In mid-2013, Britain's prime minister David Cameron pursued the possible sale with a trip to the region, which was followed by Bahrain's monarch, King Hamad Bin Isa Al Khalifa, visiting London. The Daily Telegraph reported at the time:

“The proposed deal with the Gulf monarchy rocked by protests in 2011 is thought to be worth more than £1 billion and is part of a concerted effort by Gulf countries to strengthen military ties with Britain. ..The highly political deal was one of the main agenda items in a Downing Street meeting between David Cameron and King Hamad Bin Isa Al Khalifa, earlier this week“ (see Ben Farmer, "Britain to sell Typhoon jets to Bahrain, despite human rights record", Telegraph, 9 August 2013)

Nothing came of that effort, but there are strong indications that the new basing deal will be the clincher. One of the reasons is that Bahrain is particularly keen to have a much heavier British involvement in ensuring the security of the kingdom. The United States already has a much larger base for its US navy’s fifth fleet right next door to the planned new British facility; but Bahrain's royal family - aware of its and the region's insecurities, not least continuing protests from the Shi’a majority, an uncomfortable situation with Shi’a Iran so close across the Gulf - is keen to have more than one protector.

The usually well-informed US journal Defense News reports that a Typhoon deal is now very much on the cards. The journal quotes Douglas Barrier, senior air analyst at London’s International Institute for Strategic Studies (IISS):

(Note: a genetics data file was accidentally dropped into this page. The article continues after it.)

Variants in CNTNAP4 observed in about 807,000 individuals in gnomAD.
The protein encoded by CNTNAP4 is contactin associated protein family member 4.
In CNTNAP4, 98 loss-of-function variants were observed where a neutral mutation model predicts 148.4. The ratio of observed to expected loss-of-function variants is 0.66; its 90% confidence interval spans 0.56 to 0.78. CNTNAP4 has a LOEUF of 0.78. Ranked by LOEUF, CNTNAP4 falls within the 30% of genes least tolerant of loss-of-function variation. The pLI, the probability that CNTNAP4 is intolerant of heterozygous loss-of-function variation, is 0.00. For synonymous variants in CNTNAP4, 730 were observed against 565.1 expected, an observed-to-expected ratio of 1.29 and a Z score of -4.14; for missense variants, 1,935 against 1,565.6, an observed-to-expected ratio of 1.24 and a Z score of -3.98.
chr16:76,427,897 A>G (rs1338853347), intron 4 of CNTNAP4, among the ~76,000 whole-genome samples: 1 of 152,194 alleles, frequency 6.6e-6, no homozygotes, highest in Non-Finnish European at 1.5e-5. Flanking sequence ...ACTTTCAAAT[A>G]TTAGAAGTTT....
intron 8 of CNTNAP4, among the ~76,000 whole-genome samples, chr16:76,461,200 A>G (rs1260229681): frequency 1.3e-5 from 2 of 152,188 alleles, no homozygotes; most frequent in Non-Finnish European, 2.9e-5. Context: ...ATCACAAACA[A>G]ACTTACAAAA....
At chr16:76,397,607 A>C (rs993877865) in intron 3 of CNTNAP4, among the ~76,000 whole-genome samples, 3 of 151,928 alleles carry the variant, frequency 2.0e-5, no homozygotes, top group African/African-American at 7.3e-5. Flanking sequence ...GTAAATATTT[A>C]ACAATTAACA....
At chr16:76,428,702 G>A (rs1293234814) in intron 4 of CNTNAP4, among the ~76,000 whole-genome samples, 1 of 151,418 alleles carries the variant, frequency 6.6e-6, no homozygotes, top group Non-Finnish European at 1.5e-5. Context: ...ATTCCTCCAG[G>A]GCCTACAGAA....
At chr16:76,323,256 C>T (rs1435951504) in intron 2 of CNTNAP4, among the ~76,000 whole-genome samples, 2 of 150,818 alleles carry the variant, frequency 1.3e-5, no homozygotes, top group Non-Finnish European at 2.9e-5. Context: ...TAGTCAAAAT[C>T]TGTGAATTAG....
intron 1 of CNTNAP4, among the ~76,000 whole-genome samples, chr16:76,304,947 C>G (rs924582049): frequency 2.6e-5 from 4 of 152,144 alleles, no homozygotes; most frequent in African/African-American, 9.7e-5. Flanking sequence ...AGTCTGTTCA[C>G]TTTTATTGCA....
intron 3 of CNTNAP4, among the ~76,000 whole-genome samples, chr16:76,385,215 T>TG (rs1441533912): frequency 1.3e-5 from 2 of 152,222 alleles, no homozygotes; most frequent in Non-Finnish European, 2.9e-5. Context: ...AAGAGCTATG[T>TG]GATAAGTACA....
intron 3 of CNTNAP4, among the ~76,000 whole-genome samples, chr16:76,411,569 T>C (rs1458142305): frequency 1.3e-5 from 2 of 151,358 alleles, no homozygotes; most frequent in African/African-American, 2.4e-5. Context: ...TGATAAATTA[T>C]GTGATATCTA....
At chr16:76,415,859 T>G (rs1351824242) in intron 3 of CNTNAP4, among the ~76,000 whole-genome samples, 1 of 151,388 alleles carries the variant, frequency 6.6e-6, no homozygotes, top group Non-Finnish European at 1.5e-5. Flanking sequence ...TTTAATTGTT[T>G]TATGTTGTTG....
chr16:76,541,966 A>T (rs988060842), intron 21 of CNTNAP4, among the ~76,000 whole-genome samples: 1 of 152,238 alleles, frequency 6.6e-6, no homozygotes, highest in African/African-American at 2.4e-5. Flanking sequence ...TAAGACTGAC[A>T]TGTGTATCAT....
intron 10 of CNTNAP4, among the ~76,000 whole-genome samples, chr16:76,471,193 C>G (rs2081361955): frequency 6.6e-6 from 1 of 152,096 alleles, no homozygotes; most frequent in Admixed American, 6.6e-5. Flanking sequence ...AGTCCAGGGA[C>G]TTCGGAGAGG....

“The mood music created by the naval base agreement can only be of benefit to defense industrial relations between the two sides. This closer strategic tie between the two governments provides a great opportunity for defense collaboration, including possible defense equipment sales” (see Andrew Chuter, “UK-Bahrain Base Deal Could Lead to Typhoon Sales”, Defense News, 15 December 2014).

Furthermore, prospects go well beyond the potential Typhoon sale. Defense News cites an unnamed UK industry executive:

“The potential relationship could provide lots of opportunities for partnership which are not just confined to Typhoon and not just confined to defense exports. There is the possibility of a much wider engagement and there have been lots of discussions going on between the two armed forces.”

The emergence of such commercial opportunities makes it most unlikely that the British government will do much to criticise the Bahraini authorities even if their repression of the Shi’a majority continues. 

This does not mean that all is set for the UK to make serious money, however. Bahrain's government accrues over 85% of its revenues from oil-and-gas sales. The plunging energy prices of recent months is an entirely new factor that could yet affect imports of military equipment. Even after all Britain’s efforts, and the persistent avoidance of public reproach of the Bahrain government, the whole endeavour could still come to nothing.